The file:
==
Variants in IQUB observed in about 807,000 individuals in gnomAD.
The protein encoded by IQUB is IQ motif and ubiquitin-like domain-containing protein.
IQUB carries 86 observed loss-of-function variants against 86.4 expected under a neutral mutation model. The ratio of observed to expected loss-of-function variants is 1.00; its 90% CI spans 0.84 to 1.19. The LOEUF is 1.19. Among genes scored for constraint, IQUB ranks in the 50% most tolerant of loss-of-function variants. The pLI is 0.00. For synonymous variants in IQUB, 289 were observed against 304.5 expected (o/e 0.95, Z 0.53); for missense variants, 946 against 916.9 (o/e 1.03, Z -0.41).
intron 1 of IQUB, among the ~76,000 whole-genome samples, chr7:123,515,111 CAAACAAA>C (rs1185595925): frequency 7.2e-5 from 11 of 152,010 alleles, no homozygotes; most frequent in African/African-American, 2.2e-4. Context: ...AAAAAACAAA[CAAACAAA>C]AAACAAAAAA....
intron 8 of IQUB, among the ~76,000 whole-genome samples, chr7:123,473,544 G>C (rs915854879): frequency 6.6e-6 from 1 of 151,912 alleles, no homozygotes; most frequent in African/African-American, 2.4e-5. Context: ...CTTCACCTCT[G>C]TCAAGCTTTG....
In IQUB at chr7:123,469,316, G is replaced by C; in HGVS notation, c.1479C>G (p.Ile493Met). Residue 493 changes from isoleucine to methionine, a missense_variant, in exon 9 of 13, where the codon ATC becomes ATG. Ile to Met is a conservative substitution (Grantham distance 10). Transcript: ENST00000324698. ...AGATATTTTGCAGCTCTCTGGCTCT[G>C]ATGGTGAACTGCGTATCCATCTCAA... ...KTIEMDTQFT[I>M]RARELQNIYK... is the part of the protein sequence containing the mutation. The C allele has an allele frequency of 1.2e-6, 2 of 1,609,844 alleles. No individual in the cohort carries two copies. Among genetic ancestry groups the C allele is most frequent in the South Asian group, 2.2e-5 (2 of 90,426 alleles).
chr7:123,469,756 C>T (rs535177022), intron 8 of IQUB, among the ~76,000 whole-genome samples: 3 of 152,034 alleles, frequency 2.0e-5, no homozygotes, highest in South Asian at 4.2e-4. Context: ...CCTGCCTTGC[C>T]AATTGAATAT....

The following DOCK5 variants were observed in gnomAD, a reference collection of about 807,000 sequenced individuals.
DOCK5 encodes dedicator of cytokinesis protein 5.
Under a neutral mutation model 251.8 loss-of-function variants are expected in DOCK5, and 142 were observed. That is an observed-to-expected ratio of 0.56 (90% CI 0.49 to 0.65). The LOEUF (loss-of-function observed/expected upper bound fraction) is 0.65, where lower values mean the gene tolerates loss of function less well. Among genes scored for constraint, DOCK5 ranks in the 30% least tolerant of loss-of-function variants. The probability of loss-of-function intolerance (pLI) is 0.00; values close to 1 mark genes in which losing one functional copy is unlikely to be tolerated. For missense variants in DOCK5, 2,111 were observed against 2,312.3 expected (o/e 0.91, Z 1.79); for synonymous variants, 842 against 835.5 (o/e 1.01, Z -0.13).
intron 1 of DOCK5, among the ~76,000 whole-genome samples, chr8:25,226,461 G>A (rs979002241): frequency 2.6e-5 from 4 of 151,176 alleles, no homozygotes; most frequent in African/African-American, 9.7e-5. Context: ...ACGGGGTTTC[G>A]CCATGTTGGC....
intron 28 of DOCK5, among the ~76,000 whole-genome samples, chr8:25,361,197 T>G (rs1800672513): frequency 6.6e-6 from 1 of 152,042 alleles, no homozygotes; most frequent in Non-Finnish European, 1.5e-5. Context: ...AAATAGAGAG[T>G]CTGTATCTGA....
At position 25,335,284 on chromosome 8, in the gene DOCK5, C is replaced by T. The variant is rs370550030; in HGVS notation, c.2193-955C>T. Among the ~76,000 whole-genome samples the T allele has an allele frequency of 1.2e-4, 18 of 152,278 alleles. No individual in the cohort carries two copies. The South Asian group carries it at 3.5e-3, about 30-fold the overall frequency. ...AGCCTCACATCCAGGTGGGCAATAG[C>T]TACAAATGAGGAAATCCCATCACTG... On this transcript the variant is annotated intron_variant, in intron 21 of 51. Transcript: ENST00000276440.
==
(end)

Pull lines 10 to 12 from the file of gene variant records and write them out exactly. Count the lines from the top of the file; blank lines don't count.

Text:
Under a neutral mutation model 251.8 loss-of-function variants are expected in DOCK5, and 142 were observed. That is an observed-to-expected ratio of 0.56 (90% CI 0.49 to 0.65). The LOEUF (loss-of-function observed/expected upper bound fraction) is 0.65, where lower values mean the gene tolerates loss of function less well. Among genes scored for constraint, DOCK5 ranks in the 30% least tolerant of loss-of-function variants. The probability of loss-of-function intolerance (pLI) is 0.00; values close to 1 mark genes in which losing one functional copy is unlikely to be tolerated. For missense variants in DOCK5, 2,111 were observed against 2,312.3 expected (o/e 0.91, Z 1.79); for synonymous variants, 842 against 835.5 (o/e 1.01, Z -0.13).
intron 1 of DOCK5, among the ~76,000 whole-genome samples, chr8:25,226,461 G>A (rs979002241): frequency 2.6e-5 from 4 of 151,176 alleles, no homozygotes; most frequent in African/African-American, 9.7e-5. Context: ...ACGGGGTTTC[G>A]CCATGTTGGC....
intron 28 of DOCK5, among the ~76,000 whole-genome samples, chr8:25,361,197 T>G (rs1800672513): frequency 6.6e-6 from 1 of 152,042 alleles, no homozygotes; most frequent in Non-Finnish European, 1.5e-5. Context: ...AAATAGAGAG[T>G]CTGTATCTGA....